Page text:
Elliot’s Dispatches: International Roundup Week I

The Mayor of Rome now faces legal action for recognising same sex marriages performed abroad. Credits: See-ming Lee

The Mayor of Rome now faces legal action for recognising same sex marriages performed abroad. Credits: See-ming Lee

Mayor of Milan Giuliano Pisapia claims he is facing criminal charges for agreeing to register same-sex marriages that took place outside of Italy. Pisapia stated that marriages abroad must be recognised within Italy and so he believes voiding these marriages is in fact a breach of law.

This follows from the mayor of Rome, Ingazio Marino, recognising 16 same-sex marriages that occurred in Spain, Portugal and the US last October. In response to condemnation from Interior minister Angelino Alfano and Rome Prefect Giuseppe Pecoraro, Marino stood his ground, stating “We do not accept the prefect’s order to cancel the transcriptions that have already been logged.”

Rights of LGBT+ people in Italy are less progressive than the majority of Western Europe. It is a deeply catholic country, and although the current pope has been hailed as more progressive on LGBT+ rights – who am I to judge gay people? – he has also made his stance on same-sex marriage very clear; he believes it would ‘disfigure God’s plan for creation’ and ‘[threaten]’ the family. Aside from an act against LGBT+ discrimination in the workplace (2003), there are no other nationwide anti-discrimination laws based on sexual orientation or gender identity. Despite efforts by certain regions putting forward proposals for civil unions (union, not marriage), Italy recognises no same-sex unions. However, there is hope yet, as a Demos poll in 2014 found 55% of Italians supported gay marriage against 42% opposed.

Indian minister Ramesh Tawadkar caused much controversy by declaring a centre will be set up to cure LGBT+ people. Minister of Sports and Youth Affairs stated “We will make them normal. We will have a centre for them. Like Alcoholic Anonymous centres” and “We will train them and (give them) medicines too”. Activist Harish Iyer responded mockingly in a tweet “Dear goa minister, I called in sick to work, I have gay”. Tawadkar has since redacted his comment and stated he was actually referring to ‘drug addicted and sexually abused youths.’ His party, the Aam Aadmi Party (AAP), have also since labelled his comments ‘ insensitive and narrow-minded’ and have rejected his claims.

Homophobia continues to be widespread in India. Boris Dittrich, director in LGBT+ rights of Human Rights Watch points to the relationship between recent jurisdiction and societal action. Section 377 of the Indian Penal Code criminalises sexual activity ‘against the order of nature’, and was used to outlaw same-sex activity with up to lifetime imprisonment. It was declared unconstitutional by the High Court of Delhi on 2 July 2009, however this was overturned by the Supreme Court of India and upheld on 12 December 2013. Although it is clear that the jurisdiction continues to be homophobic, India still has an active NGO and civil society force that feels free to condemn queerphobic activity. India is also home to people of the third gender, Hijras. Although their acceptance varies across the country, The Tamil Nadu state in India introduced Hijra welfare policy, including access to free Sex Reassignment Surgery, a free housing programme, citizenship documents, and scholarships for higher education.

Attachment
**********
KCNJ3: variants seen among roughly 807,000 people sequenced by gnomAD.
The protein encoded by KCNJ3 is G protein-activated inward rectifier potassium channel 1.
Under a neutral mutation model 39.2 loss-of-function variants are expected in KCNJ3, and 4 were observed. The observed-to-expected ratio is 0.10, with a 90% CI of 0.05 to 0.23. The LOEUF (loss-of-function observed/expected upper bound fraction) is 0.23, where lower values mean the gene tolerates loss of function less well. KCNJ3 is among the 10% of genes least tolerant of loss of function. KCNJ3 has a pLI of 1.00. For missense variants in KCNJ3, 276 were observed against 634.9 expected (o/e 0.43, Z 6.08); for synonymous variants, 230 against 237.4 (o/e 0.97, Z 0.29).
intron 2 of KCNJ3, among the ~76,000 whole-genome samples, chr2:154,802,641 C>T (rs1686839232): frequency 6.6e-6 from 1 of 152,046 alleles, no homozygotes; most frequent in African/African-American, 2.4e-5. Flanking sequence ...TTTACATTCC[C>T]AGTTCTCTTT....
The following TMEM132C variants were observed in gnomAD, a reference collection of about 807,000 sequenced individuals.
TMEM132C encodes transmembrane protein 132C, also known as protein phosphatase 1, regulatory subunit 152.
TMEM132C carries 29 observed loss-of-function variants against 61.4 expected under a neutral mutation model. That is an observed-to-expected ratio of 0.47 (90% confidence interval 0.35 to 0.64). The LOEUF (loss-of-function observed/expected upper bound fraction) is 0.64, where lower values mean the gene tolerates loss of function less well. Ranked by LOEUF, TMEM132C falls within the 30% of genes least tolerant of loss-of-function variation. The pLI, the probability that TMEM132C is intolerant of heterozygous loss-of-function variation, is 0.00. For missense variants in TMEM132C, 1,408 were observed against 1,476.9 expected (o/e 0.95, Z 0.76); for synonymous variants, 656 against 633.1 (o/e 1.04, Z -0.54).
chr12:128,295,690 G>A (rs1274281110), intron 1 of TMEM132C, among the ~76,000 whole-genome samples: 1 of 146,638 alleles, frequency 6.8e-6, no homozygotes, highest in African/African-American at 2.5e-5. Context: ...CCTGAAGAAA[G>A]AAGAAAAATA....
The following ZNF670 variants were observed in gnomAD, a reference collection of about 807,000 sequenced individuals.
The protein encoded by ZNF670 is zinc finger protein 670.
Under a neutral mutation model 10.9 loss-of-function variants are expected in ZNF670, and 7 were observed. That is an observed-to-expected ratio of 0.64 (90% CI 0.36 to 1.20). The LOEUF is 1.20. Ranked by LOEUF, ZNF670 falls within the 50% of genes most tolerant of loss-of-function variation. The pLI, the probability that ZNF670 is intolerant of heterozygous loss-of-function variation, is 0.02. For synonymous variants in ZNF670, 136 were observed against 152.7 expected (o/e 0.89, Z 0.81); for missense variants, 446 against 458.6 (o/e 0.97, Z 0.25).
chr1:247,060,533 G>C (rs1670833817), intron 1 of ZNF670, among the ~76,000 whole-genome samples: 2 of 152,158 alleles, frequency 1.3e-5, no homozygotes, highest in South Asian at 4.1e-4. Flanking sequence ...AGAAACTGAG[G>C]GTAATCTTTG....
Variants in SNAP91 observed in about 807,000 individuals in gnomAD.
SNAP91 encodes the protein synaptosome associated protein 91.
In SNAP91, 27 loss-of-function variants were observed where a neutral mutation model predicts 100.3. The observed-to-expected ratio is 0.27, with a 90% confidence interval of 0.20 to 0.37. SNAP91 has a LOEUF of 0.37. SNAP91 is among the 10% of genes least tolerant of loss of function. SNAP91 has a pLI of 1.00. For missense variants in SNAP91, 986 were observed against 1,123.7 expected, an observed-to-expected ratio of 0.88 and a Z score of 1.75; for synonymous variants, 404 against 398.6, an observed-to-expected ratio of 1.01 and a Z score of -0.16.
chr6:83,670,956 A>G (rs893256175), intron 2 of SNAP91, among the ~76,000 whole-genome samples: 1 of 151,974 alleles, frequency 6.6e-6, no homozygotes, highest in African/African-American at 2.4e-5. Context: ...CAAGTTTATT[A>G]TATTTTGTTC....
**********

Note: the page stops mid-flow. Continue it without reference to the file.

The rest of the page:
In the self-proclaimed Islamic State last Thursday within 48 hours two men were thrown off the top of a roof for allegedly being gay, one woman was stoned to death for alleged adultery and a reported 17 young men were crucified. Pictures show a man falling blindfolded to his death to a crowd below. Apparently the public nature of these executions is the real drive behind the killings.

 The Syrian Observatory for Human Rights commented “Isis is sending a message to all people living under its control, to say: ‘This is what will happen to any opponent”. The NGO believes actions were taken in retaliation for Western military action against ISIS in Iraq and Syria.

These findings are a few among widespread murder by IS. The terrorist organization has expanded its territory rapidly over the last year, committing human rights abuses and war crimes and is currently directly or indirectly at war with 60 countries. It has entered areas and forced people to declare Islamic creed using death threats, torture and mutilation. Amnesty International believes more than 830,000 people have fled from their terror. Sexual violence has risen dramatically under their reign, and children as young as 12 in have been recruited and armed.

To end on a more hopeful note, The US Supreme Court will decide this year whether Americans should have the right to marry a member of the same sex across all states. In 2013 they struck down the Defense of Marriage Act, meaning that if a same-sex couple is wed their marriage must be recognised across all states. On the same day, it overturned Proposition 8, a state constitutional amendment that was voted in by ballot asking people whether the rights of same-sex people to marry should be eliminated.

LGBT+ people have seen a great victory in rights in recent US history. On 6 October last year the Supreme Court refused to review appeals from Indiana, Oklahoma, Utah, Virginia, and Wisconsin, which led to the legalisation of same-sex marriage in these states. Refusals for hearing cases from further states has given a grand total of 36 states where same-sex marriage is legal with 14 states to go. The Supreme Court will debate in April and a decision is expected to be released in June.

*PS – if anyone has not seen either ‘It could happen to you’, a YouTube video telling of a loss of a partner and the effect that a lack of marital status can cause, or the film made about it, you definitely should!

Elliot Fitzgerald 

 

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